Despite the darkness and death, I enjoyed the books very much. In fact, I stayed up reading Beyond the Gateway late into the night, something which I’ve done rarely in the past few months. (The only other book I can think of where I did this recently was with The Bands of Mourning.) And the last sentence of Beyond the Gateway…man. That adrenaline rush took some getting over.
The Bands of Mourning
The Bands of Mourning are the mythical metalminds owned by the Lord Ruler, said to grant anyone who wears them the powers that the Lord Ruler had at his command. Hardly anyone thinks they really exist. A kandra researcher has returned to Elendel with images that seem to depict the Bands, as well as writings in a language that no one can read. Waxillium Ladrian is recruited to travel south to the city of New Seran to investigate. Along the way he discovers hints that point to the true goals of his uncle Edwarn and the shadowy organization known as The Set.
Like Beyond the Gateway, I stayed up late to finish this book and actually leapt up and exclaimed variations of, “I knew it!” at the ending. (Read the book if you want to find out what I’m referring to.) In The Bands of Mourning Brandon Sanderson answers some of the questions we’ve been waiting to hear throughout the Wax & Wayne series, but…well…raises a few more. A few more major questions, that is. I mean, seriously? With one book left to go in this series, how is Sanderson going to wrap up all these plot threads in just one book?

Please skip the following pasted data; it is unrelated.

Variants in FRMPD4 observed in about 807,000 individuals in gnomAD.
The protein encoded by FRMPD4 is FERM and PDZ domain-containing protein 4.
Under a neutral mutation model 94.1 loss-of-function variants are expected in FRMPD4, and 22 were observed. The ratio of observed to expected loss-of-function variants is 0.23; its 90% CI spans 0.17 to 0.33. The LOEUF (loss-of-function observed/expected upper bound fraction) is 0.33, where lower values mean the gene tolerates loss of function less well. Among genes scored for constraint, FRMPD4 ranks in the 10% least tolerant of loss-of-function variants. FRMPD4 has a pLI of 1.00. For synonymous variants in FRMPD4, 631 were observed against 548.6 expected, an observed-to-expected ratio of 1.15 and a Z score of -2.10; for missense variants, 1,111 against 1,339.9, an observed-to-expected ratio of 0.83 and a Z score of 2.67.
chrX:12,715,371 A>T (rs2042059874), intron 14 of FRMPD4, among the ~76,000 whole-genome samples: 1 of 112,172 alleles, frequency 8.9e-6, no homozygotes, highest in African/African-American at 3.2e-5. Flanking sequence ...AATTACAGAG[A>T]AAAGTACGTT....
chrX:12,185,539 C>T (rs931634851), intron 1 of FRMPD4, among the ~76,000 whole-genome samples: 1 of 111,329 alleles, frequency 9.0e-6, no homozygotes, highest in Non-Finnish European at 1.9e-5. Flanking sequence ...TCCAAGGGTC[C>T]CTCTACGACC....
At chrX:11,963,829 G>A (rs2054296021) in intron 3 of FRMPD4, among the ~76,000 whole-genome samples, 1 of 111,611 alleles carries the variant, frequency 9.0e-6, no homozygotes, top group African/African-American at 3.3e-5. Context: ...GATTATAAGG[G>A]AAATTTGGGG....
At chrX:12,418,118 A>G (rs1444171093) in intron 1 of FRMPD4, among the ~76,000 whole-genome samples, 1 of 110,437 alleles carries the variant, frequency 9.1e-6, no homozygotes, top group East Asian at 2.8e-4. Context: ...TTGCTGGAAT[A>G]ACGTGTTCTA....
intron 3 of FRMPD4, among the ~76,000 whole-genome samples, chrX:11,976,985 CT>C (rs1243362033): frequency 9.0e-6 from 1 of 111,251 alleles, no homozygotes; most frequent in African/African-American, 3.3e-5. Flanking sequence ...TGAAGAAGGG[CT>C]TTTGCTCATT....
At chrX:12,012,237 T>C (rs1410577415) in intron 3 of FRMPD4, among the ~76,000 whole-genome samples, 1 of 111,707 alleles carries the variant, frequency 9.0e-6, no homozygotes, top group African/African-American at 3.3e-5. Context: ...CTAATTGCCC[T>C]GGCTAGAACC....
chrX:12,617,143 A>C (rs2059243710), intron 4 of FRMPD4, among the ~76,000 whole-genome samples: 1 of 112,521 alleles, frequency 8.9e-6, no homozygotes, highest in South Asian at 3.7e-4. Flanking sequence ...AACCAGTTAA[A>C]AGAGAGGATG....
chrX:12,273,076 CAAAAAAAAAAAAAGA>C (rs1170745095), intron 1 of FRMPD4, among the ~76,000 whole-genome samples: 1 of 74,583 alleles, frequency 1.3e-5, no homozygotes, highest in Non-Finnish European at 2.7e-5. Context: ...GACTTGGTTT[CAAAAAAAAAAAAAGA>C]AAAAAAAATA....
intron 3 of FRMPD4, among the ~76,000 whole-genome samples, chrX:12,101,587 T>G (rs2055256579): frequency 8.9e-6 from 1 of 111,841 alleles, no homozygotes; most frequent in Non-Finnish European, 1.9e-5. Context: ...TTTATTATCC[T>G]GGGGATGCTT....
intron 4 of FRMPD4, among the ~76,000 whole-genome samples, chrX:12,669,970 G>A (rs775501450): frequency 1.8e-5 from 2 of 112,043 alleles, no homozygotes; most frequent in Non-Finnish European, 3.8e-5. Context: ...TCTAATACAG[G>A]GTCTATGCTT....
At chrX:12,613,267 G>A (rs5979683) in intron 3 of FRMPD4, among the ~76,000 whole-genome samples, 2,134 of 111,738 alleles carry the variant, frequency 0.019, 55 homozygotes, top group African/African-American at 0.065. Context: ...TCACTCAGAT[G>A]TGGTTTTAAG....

But I’m writing a review, not a fangirl statement. Each of the major characters has grown in some way in each of the Wax & Wayne books, and The Bands of Mourning is no exception. In fact, the character arcs in this book are some of the most well done I’ve seen. With the tragedy of the book before this, Shadows of Self, Wax has hardened himself, and with his characteristic stubbornness it’s as if nothing short of death would make him change his viewpoint on the matter. Steris was, without a doubt, at the most compelling she’s ever been in this series. I loved seeing her interact with Wax, Wayne, Marasi and MeLaan as a more major character in The Bands of Mourning. Marasi has grown a lot since the first Wax & Wayne book, The Alloy of Law, and this book vividly shows how much she’s progressed. Edwarn Ladrian, Wax’s nemesis throughout this series, is in fine form. I must say I’ve never seen one of Brandon Sanderson’s villains so well done as Edwarn in this book. I loved being able to see Wax’s sister Telsin for the first time in three books. And finally, Wayne. Truth be told, Wayne is not my favourite character. Oh, I admit, he’s amusing and interesting to watch and the series wouldn’t be the same without him, but certain things he does in the first half of this book are…not the kind of thing I want to read. Nonetheless, his decision and character growth at the climax was very powerful and is one of the parts I remember most vividly.